Career as a Social Entrepreneur – Dreams and Reality (5 of 5)

For many people social entrepreneurship seems to be kind of revolutionary, combining social intentions with daily business. It is often considered as the ideal business, where you reinvest at least 50% of the profit in to social activities. In fact, there are two main motivations to do that:

  1. To create a better future for the new generations to come
  2. To build long relationships with customers based on ethical values and trust

Social business often is managed and run from two categories of social entrepreneurs: the ones who consider themselves as a charity rather than a business with social purpose, and the one, who consider themselves as pure business entrepreneurs.

The main difference is the contrasting emphasis on their function.

In the foreground of the business entrepreneurs is the financial side, focused on generating profit and wealth and satisfying their customer’s needs. This often ends up in detaching them from the social purpose and mission of the company.

Any social entrepreneurs should have a slightly different attitude.

Their main goals should be always two:

  1. Promote and support social impact in their chosen community.
  2. Run a sustainable business through trading activities to finance their social mission.

This is not an easy task with proven difficulties in handling the balance of both the social aspects and the profitability.


Is it easy to run a social enterprise as many people believe?

Particularly in the starting years, social entrepreneurs have to face several difficulties. In order that the projects gain success, a well-established and long-lasting organisation is required, but they often forget about the high effort put behind these projects.

First of all, despite funds are available, there are requirements to be fulfilled and having to start without a fair amount of capital could set you back for a while. The competition is fierce and while investors are willing to take well assessed risk to acquire their reward in return, grants are scarce, comparing to the demand for them.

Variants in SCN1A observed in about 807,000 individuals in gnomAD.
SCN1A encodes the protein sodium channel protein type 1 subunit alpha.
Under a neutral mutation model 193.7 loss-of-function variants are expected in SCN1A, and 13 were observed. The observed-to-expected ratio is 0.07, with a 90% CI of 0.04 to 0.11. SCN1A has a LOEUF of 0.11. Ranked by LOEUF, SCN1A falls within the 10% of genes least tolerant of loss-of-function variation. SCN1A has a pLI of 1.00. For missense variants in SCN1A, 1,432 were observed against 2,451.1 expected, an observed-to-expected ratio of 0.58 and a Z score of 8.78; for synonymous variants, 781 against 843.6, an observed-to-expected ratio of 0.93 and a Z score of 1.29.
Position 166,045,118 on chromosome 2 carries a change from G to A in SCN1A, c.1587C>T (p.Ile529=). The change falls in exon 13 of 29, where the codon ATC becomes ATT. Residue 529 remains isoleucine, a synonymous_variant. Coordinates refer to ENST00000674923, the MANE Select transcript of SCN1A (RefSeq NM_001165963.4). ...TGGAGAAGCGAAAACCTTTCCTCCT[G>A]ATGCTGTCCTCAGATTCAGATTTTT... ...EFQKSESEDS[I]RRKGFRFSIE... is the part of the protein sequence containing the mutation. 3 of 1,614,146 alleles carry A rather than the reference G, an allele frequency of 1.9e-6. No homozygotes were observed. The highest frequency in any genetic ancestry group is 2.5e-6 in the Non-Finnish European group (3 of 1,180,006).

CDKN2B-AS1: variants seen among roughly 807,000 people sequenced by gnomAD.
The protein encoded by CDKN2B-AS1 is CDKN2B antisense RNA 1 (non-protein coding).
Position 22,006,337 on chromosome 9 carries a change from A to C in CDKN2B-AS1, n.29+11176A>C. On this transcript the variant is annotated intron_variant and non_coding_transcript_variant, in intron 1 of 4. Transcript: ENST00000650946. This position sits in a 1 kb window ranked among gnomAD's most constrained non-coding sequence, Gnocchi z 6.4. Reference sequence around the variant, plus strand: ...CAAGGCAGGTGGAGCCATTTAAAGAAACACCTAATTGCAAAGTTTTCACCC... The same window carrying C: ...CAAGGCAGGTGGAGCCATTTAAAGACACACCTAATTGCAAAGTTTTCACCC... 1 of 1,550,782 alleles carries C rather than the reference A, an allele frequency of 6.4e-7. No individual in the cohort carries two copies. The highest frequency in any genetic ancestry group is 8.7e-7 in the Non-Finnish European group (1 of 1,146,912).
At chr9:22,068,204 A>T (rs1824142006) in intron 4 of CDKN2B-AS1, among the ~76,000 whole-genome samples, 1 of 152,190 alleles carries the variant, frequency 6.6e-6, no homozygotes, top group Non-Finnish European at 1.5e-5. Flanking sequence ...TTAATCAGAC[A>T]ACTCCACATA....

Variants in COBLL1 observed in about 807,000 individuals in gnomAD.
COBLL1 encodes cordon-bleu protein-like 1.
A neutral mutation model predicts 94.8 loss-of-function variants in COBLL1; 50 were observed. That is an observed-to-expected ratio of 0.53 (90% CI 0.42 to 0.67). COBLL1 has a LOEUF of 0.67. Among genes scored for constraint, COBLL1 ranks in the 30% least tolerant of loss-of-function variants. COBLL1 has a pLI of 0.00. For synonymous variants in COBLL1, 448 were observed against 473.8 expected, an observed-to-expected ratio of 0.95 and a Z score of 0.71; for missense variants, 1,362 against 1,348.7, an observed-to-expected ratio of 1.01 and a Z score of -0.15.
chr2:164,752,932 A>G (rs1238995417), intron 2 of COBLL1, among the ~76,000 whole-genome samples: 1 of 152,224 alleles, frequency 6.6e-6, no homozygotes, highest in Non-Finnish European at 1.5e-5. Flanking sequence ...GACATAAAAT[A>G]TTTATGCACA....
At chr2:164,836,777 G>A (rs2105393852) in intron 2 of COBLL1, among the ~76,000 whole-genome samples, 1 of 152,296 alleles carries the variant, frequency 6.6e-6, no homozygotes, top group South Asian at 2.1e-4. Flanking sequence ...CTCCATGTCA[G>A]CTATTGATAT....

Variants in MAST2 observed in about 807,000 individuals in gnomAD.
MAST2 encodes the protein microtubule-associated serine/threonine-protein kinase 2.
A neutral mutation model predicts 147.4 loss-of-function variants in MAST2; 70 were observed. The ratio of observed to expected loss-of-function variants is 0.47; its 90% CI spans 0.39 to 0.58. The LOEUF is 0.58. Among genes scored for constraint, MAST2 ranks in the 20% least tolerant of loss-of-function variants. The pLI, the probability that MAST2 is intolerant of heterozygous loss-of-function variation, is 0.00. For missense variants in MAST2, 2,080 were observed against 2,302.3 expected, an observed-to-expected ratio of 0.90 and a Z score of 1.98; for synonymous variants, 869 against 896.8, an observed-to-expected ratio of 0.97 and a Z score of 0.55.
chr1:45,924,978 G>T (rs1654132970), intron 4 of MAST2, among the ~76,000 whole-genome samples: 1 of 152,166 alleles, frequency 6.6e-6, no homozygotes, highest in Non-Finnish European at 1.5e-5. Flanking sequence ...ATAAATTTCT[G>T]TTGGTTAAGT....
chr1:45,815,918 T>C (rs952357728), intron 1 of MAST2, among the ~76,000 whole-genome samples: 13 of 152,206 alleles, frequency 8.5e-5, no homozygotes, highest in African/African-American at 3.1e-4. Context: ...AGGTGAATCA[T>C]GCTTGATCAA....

Besides, organisations are usually required to be investment ready before approaching investors.

Accomplishing social obligations is vital, although measuring some of the created social value is difficult, communicating that value could be even more challenging. Not only the task of creating a system that social entrepreneurs face but the challenge of acquiring technologies and skilled employees too.

In general, the work as a social entrepreneur is very time-consuming and accordingly does not correspond to the view many people have on this work. It is hard work to convey the ideas and main aims and to convince potential stakeholders and donors in order to get funded. Moreover, with the evolvement of the social enterprise the requirements change as well. The products or services are expected to be innovative, their quality must be maintained and promoting awareness is a continuing duty. Also cash flow (donation, investment), setting standards and raising equity need to be all organised.

All in all, it is not easy to set up and run a social enterprise because it merges two important business areas.  The dream to change society in a positive way and improve living conditions in an effective and professional manner requires a sound organisation. The establishment of that sort of organisation is where entrepreneurs face challenges: the organisation must survive and flourish within the business environment too. This is the reality.

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Maurizio Gioli